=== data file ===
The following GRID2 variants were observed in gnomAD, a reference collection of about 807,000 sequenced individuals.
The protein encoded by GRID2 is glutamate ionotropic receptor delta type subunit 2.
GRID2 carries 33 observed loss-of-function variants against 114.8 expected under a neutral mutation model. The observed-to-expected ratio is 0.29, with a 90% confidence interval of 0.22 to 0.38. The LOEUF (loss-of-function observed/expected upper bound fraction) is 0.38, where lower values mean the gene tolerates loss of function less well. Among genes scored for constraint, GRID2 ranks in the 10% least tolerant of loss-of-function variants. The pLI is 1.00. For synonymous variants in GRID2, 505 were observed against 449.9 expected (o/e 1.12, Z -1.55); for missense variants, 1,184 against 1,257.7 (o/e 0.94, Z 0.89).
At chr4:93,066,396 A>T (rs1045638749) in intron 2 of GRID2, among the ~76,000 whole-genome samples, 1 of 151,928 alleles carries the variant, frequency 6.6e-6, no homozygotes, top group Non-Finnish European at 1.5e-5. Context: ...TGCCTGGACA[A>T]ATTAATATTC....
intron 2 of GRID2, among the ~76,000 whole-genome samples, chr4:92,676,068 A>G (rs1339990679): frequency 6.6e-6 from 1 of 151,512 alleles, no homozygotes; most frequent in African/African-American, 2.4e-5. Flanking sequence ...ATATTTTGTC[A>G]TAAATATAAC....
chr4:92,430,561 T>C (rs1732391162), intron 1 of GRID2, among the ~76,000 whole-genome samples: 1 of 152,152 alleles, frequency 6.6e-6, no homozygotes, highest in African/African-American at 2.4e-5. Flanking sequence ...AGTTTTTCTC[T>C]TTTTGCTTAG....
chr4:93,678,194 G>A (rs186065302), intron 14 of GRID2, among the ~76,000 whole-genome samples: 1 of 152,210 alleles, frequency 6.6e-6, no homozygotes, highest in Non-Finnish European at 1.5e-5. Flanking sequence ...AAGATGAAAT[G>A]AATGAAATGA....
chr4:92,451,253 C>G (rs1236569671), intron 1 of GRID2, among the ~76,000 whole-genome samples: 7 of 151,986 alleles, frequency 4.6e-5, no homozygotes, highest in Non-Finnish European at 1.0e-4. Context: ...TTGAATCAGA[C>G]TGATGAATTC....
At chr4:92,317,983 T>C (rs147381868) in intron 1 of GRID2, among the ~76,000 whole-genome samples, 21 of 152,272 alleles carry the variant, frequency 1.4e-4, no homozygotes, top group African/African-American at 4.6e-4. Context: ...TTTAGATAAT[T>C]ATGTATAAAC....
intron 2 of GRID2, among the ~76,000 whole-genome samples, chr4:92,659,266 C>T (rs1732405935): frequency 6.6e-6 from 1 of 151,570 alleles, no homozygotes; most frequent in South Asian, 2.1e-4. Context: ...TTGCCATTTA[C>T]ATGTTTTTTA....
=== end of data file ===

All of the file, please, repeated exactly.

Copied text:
The following GRID2 variants were observed in gnomAD, a reference collection of about 807,000 sequenced individuals.
The protein encoded by GRID2 is glutamate ionotropic receptor delta type subunit 2.
GRID2 carries 33 observed loss-of-function variants against 114.8 expected under a neutral mutation model. The observed-to-expected ratio is 0.29, with a 90% confidence interval of 0.22 to 0.38. The LOEUF (loss-of-function observed/expected upper bound fraction) is 0.38, where lower values mean the gene tolerates loss of function less well. Among genes scored for constraint, GRID2 ranks in the 10% least tolerant of loss-of-function variants. The pLI is 1.00. For synonymous variants in GRID2, 505 were observed against 449.9 expected (o/e 1.12, Z -1.55); for missense variants, 1,184 against 1,257.7 (o/e 0.94, Z 0.89).
At chr4:93,066,396 A>T (rs1045638749) in intron 2 of GRID2, among the ~76,000 whole-genome samples, 1 of 151,928 alleles carries the variant, frequency 6.6e-6, no homozygotes, top group Non-Finnish European at 1.5e-5. Context: ...TGCCTGGACA[A>T]ATTAATATTC....
intron 2 of GRID2, among the ~76,000 whole-genome samples, chr4:92,676,068 A>G (rs1339990679): frequency 6.6e-6 from 1 of 151,512 alleles, no homozygotes; most frequent in African/African-American, 2.4e-5. Flanking sequence ...ATATTTTGTC[A>G]TAAATATAAC....
chr4:92,430,561 T>C (rs1732391162), intron 1 of GRID2, among the ~76,000 whole-genome samples: 1 of 152,152 alleles, frequency 6.6e-6, no homozygotes, highest in African/African-American at 2.4e-5. Flanking sequence ...AGTTTTTCTC[T>C]TTTTGCTTAG....
chr4:93,678,194 G>A (rs186065302), intron 14 of GRID2, among the ~76,000 whole-genome samples: 1 of 152,210 alleles, frequency 6.6e-6, no homozygotes, highest in Non-Finnish European at 1.5e-5. Flanking sequence ...AAGATGAAAT[G>A]AATGAAATGA....
chr4:92,451,253 C>G (rs1236569671), intron 1 of GRID2, among the ~76,000 whole-genome samples: 7 of 151,986 alleles, frequency 4.6e-5, no homozygotes, highest in Non-Finnish European at 1.0e-4. Context: ...TTGAATCAGA[C>G]TGATGAATTC....
At chr4:92,317,983 T>C (rs147381868) in intron 1 of GRID2, among the ~76,000 whole-genome samples, 21 of 152,272 alleles carry the variant, frequency 1.4e-4, no homozygotes, top group African/African-American at 4.6e-4. Context: ...TTTAGATAAT[T>C]ATGTATAAAC....
intron 2 of GRID2, among the ~76,000 whole-genome samples, chr4:92,659,266 C>T (rs1732405935): frequency 6.6e-6 from 1 of 151,570 alleles, no homozygotes; most frequent in South Asian, 2.1e-4. Context: ...TTGCCATTTA[C>T]ATGTTTTTTA....